Wallasey Golf Club was founded in 1891 and, with its undulating fairways and sand dunes it is a traditional links of 6,607 yards. It is situated on the Wirral peninsula overlooking Liverpool Bay and the Irish Sea, leaving it open to the elements and in particular, the wind. It is one of the great links courses of the north, originally designed by Tom Morris Senior and later altered by other notable golfing figures Alec Herd, Harold Hilton and James Braid.
The course has hosted many great events, including the qualifying rounds of The Open, most recently when the championship returned to nearby Royal Liverpool in 2006.The club played host to The Amateur Championship qualifying rounds in 1995 and again in the year 2000.
The club has a great history in the game, not least because this is where a club member, Dr Frank Stableford, first developed the Stableford system of points scoring. He became a member of the club in 1914 and, aware of the frustration of high handicap golfers, after a disastrous start in a medal competition he devised his point system. The first Stableford competition was played at the Club in May 1932. Sadly in 1959, having been told he was going blind, ‘Stablie’, as he was affectionately known, was found dead in his study, a pistol at his side. It seems he was unable to contemplate life without golf or snooker. In his honour, a plaque was erected on the 2nd tee where he first devised the system and the Frank Stableford Open is held every May at the club.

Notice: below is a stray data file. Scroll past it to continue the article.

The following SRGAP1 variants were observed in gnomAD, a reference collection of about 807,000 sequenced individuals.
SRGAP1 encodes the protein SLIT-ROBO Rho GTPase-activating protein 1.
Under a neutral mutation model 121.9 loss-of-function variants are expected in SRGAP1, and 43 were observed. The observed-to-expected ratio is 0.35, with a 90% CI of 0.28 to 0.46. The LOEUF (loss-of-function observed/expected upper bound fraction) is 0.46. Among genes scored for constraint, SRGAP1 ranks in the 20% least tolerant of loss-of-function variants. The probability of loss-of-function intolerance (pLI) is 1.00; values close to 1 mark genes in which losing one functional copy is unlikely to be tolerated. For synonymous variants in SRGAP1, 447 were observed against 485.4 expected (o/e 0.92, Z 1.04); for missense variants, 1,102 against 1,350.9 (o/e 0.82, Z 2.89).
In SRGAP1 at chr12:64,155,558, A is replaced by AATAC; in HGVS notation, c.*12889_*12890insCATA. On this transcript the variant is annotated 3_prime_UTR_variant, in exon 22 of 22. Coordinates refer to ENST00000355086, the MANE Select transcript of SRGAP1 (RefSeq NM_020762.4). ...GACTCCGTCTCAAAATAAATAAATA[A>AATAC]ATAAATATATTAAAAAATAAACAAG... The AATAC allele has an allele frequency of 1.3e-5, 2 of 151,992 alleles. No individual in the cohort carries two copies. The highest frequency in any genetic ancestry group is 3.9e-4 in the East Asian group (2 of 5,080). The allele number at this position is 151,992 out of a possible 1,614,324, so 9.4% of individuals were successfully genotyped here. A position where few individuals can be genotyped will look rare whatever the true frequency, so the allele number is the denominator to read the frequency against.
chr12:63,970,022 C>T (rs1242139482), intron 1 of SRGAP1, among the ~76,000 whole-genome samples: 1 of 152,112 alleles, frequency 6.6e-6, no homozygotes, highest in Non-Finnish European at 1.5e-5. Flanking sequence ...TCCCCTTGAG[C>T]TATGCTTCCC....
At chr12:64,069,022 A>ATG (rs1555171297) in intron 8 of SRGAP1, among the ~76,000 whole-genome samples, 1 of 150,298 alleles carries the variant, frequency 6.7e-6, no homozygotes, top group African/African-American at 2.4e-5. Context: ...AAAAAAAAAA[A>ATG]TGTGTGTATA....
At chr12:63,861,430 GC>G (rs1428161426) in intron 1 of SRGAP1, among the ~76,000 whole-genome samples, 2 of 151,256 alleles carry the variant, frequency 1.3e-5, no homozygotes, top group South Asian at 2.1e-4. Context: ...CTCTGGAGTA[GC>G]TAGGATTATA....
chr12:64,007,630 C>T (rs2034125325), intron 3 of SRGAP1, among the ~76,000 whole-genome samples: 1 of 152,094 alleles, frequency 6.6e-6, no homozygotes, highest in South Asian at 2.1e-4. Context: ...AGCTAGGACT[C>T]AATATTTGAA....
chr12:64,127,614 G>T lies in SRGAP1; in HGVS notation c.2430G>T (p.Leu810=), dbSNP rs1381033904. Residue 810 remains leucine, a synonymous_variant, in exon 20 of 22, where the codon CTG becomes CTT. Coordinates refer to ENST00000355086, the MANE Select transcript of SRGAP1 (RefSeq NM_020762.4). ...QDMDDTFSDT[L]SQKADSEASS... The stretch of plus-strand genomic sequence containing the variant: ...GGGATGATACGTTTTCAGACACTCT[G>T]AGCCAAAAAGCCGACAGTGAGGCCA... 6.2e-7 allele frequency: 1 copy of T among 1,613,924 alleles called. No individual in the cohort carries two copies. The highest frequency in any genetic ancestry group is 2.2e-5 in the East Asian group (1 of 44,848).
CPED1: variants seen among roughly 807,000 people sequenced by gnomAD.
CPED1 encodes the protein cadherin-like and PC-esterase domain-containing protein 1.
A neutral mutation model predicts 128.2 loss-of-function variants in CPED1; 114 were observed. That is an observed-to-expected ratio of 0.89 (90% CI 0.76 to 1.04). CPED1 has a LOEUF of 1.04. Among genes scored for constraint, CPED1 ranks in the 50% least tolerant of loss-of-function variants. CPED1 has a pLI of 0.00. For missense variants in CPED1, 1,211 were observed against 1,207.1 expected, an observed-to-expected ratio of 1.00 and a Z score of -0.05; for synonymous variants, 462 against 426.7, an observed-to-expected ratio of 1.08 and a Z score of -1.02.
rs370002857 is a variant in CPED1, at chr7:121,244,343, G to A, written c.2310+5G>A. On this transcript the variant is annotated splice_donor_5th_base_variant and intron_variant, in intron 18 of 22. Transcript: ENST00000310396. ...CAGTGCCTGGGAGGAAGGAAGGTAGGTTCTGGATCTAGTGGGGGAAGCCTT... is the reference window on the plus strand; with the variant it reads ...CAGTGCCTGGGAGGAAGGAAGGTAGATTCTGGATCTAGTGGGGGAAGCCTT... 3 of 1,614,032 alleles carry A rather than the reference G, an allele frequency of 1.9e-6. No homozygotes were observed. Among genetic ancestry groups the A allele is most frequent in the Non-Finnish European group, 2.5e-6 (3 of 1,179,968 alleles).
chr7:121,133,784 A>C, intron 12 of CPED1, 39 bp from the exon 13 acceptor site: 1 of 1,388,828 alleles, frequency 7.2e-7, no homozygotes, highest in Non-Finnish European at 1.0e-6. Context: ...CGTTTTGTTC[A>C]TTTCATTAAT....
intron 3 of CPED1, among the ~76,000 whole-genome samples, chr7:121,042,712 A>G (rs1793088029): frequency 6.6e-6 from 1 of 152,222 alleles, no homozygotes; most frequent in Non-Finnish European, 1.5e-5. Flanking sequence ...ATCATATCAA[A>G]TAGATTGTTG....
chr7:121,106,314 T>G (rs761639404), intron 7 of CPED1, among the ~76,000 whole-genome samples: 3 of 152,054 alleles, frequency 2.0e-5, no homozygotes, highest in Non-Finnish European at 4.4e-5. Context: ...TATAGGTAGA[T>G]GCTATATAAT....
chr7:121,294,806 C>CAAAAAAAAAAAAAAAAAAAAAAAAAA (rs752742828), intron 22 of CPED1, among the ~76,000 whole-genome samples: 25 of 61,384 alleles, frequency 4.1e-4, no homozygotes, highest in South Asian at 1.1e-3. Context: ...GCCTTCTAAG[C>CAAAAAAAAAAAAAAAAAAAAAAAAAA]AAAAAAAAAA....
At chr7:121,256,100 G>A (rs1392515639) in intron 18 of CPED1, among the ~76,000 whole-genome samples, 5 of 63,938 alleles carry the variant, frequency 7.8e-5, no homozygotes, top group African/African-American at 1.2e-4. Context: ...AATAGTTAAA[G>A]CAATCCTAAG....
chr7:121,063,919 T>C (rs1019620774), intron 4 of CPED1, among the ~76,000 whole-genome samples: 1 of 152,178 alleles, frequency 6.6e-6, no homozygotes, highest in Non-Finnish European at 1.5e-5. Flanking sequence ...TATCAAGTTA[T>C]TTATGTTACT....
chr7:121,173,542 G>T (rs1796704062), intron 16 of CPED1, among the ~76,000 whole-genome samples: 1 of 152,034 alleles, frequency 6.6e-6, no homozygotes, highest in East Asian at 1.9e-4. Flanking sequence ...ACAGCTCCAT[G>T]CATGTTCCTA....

Wallasey has a fine collection of oil paintings in the clubhouse, including an original portrait of the man many consider to be the greatest ever golfer, Bobby Jones. In 1930 Jones won The Open at Hoylake, having qualified at Wallasey and sat for the painting at the request of the artist, a member of the club. The portrait became famous across the world and Jones had a copy painted for him to take back to America to hang in the famous Augusta National Clubhouse.
The Course itself is a true test of golf, due in part to the prevailing north westerly winds and the variety of holes, made all the more interesting by the natural terrain. The final four holes are among the toughest, particularly the 18th which is a magnificent hole to finish the round. Wallasey has been described as ‘The Diamond in the Dunes’ and golfers who come here will enjoy the challenge of the course and the well documented history and traditions of the game.